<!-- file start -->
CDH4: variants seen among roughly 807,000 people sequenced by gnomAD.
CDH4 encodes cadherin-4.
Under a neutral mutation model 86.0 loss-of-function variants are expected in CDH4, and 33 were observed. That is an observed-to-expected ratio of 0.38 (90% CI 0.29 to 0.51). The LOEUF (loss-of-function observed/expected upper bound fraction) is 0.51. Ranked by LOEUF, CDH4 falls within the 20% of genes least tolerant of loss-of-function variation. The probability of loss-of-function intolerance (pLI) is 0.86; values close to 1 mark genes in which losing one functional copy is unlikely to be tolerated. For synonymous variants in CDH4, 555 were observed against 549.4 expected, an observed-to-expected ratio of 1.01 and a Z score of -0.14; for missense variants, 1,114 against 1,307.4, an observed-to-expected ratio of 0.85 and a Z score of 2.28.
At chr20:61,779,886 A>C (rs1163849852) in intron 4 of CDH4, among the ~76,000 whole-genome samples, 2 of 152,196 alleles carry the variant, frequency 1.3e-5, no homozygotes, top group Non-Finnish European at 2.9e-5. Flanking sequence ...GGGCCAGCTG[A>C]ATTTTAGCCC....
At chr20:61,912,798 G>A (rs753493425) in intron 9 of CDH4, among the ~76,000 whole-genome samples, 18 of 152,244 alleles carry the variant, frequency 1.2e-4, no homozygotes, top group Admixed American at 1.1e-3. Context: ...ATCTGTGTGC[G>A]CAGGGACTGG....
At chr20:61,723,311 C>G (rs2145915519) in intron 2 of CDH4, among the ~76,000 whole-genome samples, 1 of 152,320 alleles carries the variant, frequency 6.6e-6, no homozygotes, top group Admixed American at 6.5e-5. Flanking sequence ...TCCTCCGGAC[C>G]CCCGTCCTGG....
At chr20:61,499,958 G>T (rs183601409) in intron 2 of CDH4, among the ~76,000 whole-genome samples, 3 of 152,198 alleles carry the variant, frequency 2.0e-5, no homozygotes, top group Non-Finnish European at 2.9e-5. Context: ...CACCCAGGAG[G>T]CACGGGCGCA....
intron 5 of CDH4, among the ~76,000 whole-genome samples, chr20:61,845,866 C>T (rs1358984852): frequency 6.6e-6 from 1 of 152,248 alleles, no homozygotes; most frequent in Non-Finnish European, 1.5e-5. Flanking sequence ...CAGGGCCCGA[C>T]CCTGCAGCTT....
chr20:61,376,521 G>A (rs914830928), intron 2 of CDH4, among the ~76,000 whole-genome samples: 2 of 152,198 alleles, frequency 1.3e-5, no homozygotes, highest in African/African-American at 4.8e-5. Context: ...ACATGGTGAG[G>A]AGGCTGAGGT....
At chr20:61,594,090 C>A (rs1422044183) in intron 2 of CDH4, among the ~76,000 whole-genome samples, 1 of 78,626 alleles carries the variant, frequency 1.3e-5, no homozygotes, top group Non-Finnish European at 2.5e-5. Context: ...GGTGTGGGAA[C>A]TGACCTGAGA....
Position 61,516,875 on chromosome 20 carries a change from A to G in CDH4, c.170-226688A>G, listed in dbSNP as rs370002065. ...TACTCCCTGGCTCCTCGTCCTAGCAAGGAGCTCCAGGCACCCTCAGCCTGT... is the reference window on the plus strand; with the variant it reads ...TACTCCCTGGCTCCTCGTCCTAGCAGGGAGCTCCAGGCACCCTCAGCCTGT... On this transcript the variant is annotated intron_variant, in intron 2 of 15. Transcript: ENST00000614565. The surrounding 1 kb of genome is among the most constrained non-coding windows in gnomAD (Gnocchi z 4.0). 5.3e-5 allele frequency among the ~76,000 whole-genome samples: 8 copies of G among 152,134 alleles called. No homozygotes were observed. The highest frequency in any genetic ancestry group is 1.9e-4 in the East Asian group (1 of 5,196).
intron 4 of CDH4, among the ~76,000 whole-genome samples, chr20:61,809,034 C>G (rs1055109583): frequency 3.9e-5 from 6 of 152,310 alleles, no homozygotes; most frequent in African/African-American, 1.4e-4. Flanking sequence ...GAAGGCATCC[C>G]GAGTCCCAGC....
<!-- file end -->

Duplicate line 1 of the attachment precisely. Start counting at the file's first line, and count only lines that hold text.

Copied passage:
CDH4: variants seen among roughly 807,000 people sequenced by gnomAD.